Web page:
Teacher Dies of Coronavirus After Warning That Parents Are Violating Isolation and Sending Kids to School

Israeli kindergarten teacher Shalva Zalfreind, 64, warned that some parents were sending children to school despite having family members who were in isolation for coronavirus.

Zalfreind sent a message to a Whatsapp group of her students' parents two weeks before she died, according to The Jerusalem Post. In the comment, she said that some families had discounted the government's rules on isolation to contain the coronavirus. Israeli law requires anyone who has had close contact with a patient with a confirmed case of COVID-19, or anyone with respiratory symptoms to isolate themselves at home for 14 days after the last day of contact with the patient. Those who violate the law will be fined, according to the Israeli Ministry of Health.

"Unfortunately, there were those who preferred to send the child to kindergarten out of a feeling of Israeli 'trust,' while fatally damaging an important value of 'mutual responsibility,'" Zalfreind wrote. ""For me, it no longer matters who I contracted [the virus] from and who violated isolation. I just beg and ask for the grandparents, neighbors and older uncles who surround us and do not deserve to die, even if they have such and such preexisting medical conditions."

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“For me, it no longer matters who I contracted [COVID-19] from and who violated isolation. I just beg and ask for the grandparents, neighbors and older uncles who surround us and do not deserve to die," Zalfreind wrote. iStock/Getty

She said she did not blame anyone and wanted that to be clear from her comment. Zalfreind wrote the Whatsapp message when she believed she was recovering from coronavirus and would soon be healthy, saying "Thank God I am recovering and the most difficult stage of the disease is already behind me."

"If there is but one person who read my things and understood the importance of the isolation restrictions - it would be rewarding. Really love each and every one of you. A big hug for the kids," she concluded.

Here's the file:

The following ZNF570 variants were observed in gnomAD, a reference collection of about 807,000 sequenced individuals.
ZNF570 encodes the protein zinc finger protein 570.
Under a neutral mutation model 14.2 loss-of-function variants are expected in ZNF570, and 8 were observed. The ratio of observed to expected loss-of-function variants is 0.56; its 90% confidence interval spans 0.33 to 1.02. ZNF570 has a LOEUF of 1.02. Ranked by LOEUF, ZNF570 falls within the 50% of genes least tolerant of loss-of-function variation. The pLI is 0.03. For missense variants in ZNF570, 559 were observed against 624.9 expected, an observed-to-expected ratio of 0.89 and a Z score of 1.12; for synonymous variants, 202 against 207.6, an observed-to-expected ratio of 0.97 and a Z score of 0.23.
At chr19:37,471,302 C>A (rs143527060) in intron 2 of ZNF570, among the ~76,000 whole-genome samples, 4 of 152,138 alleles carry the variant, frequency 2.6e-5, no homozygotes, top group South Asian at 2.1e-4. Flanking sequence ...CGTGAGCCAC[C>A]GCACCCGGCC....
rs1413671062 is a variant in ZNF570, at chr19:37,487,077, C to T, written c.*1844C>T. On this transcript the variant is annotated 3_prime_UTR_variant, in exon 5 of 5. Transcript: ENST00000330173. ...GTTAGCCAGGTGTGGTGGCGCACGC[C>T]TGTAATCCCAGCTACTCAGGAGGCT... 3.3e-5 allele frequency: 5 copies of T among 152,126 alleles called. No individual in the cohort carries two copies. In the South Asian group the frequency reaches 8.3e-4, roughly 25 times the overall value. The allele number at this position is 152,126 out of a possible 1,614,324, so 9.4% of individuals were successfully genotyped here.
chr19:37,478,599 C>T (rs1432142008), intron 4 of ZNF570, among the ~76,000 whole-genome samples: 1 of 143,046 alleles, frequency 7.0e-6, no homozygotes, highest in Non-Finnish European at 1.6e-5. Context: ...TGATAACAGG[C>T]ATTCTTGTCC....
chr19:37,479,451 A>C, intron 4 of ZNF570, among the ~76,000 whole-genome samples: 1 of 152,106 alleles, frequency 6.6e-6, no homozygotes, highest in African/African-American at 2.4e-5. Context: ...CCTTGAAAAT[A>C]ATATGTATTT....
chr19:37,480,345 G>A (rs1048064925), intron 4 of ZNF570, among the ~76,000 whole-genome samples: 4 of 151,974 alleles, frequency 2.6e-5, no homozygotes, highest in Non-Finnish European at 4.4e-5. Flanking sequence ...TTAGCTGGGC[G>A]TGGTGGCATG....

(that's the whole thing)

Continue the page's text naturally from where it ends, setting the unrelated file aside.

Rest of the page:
Zalfreind is survived by her six children, according to the Post.

Israel reopened its schools May 17, though the country was forced to shut down 51 schools by early June due to outbreaks, according to The Wall Street Journal. In June, Israeli Prime Minister Benjamin Netanyahu announced that any school with at least one confirmed case of COVID-19 would be closed.

Though in May, Israel was seeing as few as 50 new cases a day, as of July 14, that number has risen to 1,500 new cases per day, according to the Journal. At least 1,335 students and 691 faculty members have been infected since the reopening of schools. The head epidemiologist in charge of Israel's coronavirus response, Siegal Sadetzki, resigned July 7, saying that the government ignored her warnings and reopened the country too soon, leading to a new outbreak of the disease.

In the United States, President Donald Trump has urged for schools to reopen, with the White House saying the "science is on our side," in terms of reopening. Last week, Johns Hopkins University unveiled a new tool to allow parents to see their state's plans on reopening schools.